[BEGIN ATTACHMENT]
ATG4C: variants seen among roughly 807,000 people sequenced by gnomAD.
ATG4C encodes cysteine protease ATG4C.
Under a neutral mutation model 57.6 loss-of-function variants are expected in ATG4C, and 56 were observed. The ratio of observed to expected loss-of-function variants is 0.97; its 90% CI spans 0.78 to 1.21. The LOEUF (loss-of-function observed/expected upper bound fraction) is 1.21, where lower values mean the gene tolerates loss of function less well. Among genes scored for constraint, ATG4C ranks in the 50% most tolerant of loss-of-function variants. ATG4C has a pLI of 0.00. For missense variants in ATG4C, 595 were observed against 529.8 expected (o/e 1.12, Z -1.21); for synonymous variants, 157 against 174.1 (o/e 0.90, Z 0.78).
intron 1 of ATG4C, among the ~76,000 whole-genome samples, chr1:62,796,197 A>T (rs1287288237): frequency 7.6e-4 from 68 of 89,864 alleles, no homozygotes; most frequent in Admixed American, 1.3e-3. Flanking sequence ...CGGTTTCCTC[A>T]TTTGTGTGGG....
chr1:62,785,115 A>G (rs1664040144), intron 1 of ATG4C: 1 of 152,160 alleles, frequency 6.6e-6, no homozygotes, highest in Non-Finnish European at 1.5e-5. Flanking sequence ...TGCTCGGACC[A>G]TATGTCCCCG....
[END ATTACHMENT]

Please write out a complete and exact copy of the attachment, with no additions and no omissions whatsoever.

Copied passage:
ATG4C: variants seen among roughly 807,000 people sequenced by gnomAD.
ATG4C encodes cysteine protease ATG4C.
Under a neutral mutation model 57.6 loss-of-function variants are expected in ATG4C, and 56 were observed. The ratio of observed to expected loss-of-function variants is 0.97; its 90% CI spans 0.78 to 1.21. The LOEUF (loss-of-function observed/expected upper bound fraction) is 1.21, where lower values mean the gene tolerates loss of function less well. Among genes scored for constraint, ATG4C ranks in the 50% most tolerant of loss-of-function variants. ATG4C has a pLI of 0.00. For missense variants in ATG4C, 595 were observed against 529.8 expected (o/e 1.12, Z -1.21); for synonymous variants, 157 against 174.1 (o/e 0.90, Z 0.78).
intron 1 of ATG4C, among the ~76,000 whole-genome samples, chr1:62,796,197 A>T (rs1287288237): frequency 7.6e-4 from 68 of 89,864 alleles, no homozygotes; most frequent in Admixed American, 1.3e-3. Flanking sequence ...CGGTTTCCTC[A>T]TTTGTGTGGG....
chr1:62,785,115 A>G (rs1664040144), intron 1 of ATG4C: 1 of 152,160 alleles, frequency 6.6e-6, no homozygotes, highest in Non-Finnish European at 1.5e-5. Flanking sequence ...TGCTCGGACC[A>G]TATGTCCCCG....